It’s summertime, and I am five years old. In the bedroom that I share with my older brother in our small apartment in Chicago, I awake to the sound of my father’s sobbing, a sound I have never heard before. A telegram has informed him that his brother Anselm, who lives in New York, has died unexpectedly of a heart attack at the age of forty-five. It’s the first time I have ever seen my father cry. I climb onto his lap, frightened and upset, trying to comfort him.
Despite the many losses he has known, my father is usually optimistic and positive, a cheerful man with a wry sense of humor. I’m always giggling at his jokes, although I have no idea what most of them mean, especially the ones in German and Polish.
Anselm was the only one of my father’s four siblings to survive the war–the last living link to the family and life they left behind in Europe. As a child, I don’t yet understand what this loss represents: a final end to my father’s prewar world, a last connection to his childhood and his past. What cruel irony for his brother to escape the Holocaust and survive the war, only to die at a relatively young age in this new country.
Now it’s 1964, I’m 18, a college student home for the summer. My parents have just moved to Brooklyn after a disastrous two-year attempt at living in Florida. I’ve become the designated driver for them; my mother never learned to drive, and my father is in failing health and no longer has confidence in his driving abilities. He asks me one day, when my mother is at work, to drive him to the cemetery where his brother Anselm is buried. He hasn’t been there in many years.
I’ve never visited a cemetery and have no idea what to expect. This one is halfway out on Long Island, an hour’s drive from Brooklyn. As we approach the big iron gate, I am shocked that the place looks ancient, overcrowded, neglected. No beautiful green expanses of lawn here, just jumbled, closely-packed headstones, some broken, half-hidden. Searching for Anselm’s plot through a labyrinth of deeply-shaded walkways, we stop to read barely legible Hebrew names and dates on crooked grave markers. I feel the weight of memories buried here as we find the small crumbling headstone that marks Anselm’s grave.
Minutes pass slowly as my father and I stand in silence, tearfully contemplating this last reminder of his brother’s life. I don’t know what to say, cannot find words that feel right, my voice is caught in my throat. All I can do is take my father’s hand, trying to convey that I understand his pain, although I’m sure that I don’t. We search carefully for a few small stones to place gently on Anselm’s headstone, ashes to ashes, dust to dust. Holding tightly to one another’s hand, we find our way back along dark and winding gravel paths.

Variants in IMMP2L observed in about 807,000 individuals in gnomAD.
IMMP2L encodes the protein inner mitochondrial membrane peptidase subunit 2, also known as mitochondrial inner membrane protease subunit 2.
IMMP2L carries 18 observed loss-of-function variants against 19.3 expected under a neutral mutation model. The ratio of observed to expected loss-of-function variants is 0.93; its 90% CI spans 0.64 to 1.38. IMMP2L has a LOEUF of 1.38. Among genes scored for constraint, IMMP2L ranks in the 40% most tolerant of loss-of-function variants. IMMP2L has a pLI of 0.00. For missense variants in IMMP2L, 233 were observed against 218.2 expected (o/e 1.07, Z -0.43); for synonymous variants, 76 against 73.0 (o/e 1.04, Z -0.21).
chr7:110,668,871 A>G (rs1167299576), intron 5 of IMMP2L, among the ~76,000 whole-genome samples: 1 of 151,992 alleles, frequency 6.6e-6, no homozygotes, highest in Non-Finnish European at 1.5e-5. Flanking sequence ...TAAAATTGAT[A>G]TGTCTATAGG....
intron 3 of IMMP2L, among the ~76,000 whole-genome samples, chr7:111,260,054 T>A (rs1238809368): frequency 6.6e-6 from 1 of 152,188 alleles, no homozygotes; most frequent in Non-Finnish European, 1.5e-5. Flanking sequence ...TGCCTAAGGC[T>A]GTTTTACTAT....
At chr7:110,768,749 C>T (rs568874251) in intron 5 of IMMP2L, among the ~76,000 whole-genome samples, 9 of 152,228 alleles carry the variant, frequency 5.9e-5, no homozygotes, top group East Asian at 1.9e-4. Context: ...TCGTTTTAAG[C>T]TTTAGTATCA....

My father dies quite suddenly, three years later. He is sixty-four; I am twenty-one. The day at the cemetery replays in my mind. I wish I would have had more curiosity about his life, asked better and deeper questions while I had the chance. A couple of years after his death, I move to Tel Aviv. While taking a nap in my apartment one sunny afternoon, I have a dream about him: we are riding on a bus together, on a wide boulevard near the Mediterranean, talking and laughing, when suddenly and without warning, he pulls the cord to signal the driver. The bus slows and stops, and he gets off. Puzzled, the other passengers and I descend from the bus and see that my father is lying in the street, dead. We stand calmly in silence for a long time, looking, then reluctantly we climb back on the bus and it continues on its way.
Judith Teich, a retired behavioral health services researcher and clinical social worker, earned a BA in English from Boston University and an MSW from New York University. Her personal essays have been published in JAMA, the Washington Post, and most recently in the Christian Science Monitor and Moment Magazine.